Nine Grand Prix fans have been set free after provoking anger in Malaysia by donning skimpy swimsuits bearing the nation's flag. The Australian men apologized for the drunken stunt after being locked up since Sunday.
The Formula 1 fans walked out of a Malaysian court Thursday, chastened after spending four days in jail over an obnoxious drunken stunt in which they poked fun at the Malaysian national team in the conservative Muslim-majority country.
The nine men, all in their 20s, had been celebrating countryman Daniel Ricciardo's Malaysia Grand Prix win on Sunday and had mimicked the driver's quaffing of champagne by drinking beer out of their own shoes.
The boorish display didn't go over well. They were immediately detained and charged with flouting Malaysia's laws on public decency and national insult.
One of the nine, 28-year-old Thomas Whitworth read out a letter of apology on behalf of the group. "We are remorseful of our actions on that day. We had no idea that our conduct would be deemed to be inappropriate, crass or even downright offensive to the citizens of this country," he said.
A day before, Australian Foreign Minister Julie Bishop had chastised the fans for being blind to local sensitivities: "What might be seen as a foolish prank or Aussie 'blokey' behavior in Australia can be seen very differently in another country," she told Australia's Channel 9 on Wednesday.
Ricciardo, the driver whose success inspired the beer-fueled revelry, described the incident as harmless and expressed his wish they'd be spared serious penalties.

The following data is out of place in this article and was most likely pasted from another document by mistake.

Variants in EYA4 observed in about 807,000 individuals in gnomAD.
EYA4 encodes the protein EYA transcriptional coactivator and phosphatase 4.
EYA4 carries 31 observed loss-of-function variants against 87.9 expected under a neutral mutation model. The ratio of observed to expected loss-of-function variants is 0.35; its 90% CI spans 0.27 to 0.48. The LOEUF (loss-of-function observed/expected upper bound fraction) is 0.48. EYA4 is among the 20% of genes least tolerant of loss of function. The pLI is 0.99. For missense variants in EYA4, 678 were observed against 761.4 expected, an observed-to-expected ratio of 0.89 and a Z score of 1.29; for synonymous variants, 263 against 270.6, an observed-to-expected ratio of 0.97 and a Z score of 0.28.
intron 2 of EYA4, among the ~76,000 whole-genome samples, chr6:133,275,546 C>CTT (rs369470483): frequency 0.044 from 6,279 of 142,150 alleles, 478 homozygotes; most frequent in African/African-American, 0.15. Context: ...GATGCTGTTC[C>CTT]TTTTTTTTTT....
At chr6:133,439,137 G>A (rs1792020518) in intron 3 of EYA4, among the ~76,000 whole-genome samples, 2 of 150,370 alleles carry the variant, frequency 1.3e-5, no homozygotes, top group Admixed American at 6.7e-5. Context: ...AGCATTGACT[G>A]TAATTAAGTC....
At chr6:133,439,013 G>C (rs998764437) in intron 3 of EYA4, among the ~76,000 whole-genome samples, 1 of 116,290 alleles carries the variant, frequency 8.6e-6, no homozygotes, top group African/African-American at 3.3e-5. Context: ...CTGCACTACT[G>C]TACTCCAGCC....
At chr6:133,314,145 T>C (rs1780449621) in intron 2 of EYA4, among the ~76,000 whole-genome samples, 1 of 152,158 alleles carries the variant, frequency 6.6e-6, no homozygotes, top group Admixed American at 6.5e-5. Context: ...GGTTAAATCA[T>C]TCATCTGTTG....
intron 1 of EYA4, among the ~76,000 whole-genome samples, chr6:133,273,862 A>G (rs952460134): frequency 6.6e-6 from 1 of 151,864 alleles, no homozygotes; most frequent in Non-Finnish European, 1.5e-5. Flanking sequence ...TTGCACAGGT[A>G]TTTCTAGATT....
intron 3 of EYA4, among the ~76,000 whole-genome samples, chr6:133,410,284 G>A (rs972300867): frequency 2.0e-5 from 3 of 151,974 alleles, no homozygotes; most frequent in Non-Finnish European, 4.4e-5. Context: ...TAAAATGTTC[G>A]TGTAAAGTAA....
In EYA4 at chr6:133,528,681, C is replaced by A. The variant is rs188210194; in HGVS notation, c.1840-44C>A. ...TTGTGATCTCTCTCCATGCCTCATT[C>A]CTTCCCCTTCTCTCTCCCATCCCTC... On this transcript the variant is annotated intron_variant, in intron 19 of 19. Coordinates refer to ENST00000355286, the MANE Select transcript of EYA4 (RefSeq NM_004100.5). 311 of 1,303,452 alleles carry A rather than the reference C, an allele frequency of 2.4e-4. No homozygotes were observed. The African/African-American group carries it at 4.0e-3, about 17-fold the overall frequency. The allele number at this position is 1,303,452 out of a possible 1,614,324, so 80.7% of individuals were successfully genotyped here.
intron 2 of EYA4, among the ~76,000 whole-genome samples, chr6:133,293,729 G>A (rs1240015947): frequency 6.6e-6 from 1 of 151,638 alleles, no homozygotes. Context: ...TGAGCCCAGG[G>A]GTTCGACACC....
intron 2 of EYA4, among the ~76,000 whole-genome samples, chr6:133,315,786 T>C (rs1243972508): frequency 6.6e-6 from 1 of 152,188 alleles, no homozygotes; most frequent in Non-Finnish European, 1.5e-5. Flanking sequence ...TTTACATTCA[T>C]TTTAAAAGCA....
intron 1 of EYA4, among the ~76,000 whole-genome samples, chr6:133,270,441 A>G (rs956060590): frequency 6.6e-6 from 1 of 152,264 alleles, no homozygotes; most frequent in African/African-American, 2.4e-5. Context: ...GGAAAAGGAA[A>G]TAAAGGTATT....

"I respect the laws of Malaysia, but beyond that I don't think they deserve any further punishment," Ricciardo told Sydney's The Daily Telegraph newspaper. "In Australia, it's a bit different, but I'm very sure they didn't intend to offend anyone."
The men ultimately escaped criminal prosecution following a thorough dressing down by a Malaysian magistrate: "Your conduct on October 2 was totally inappropriate by dressing down to your swimming trunks," Judge Harith Sham Mohamad Yasin told them as their appeared in court.
"It hurt the feelings of all Malaysians to display the flag in such a manner," the judge said. "Let this serve as a reminder to all of you to learn about our local cultures and customs."
The judge told the court he'd take the men's relative youth into account, expressions of contrition and the fact that they'd been jailed since Sunday."I hereby caution and discharge all of you," Yasin said and ordered them released.
jar/kl (AP, AFP, Reuters)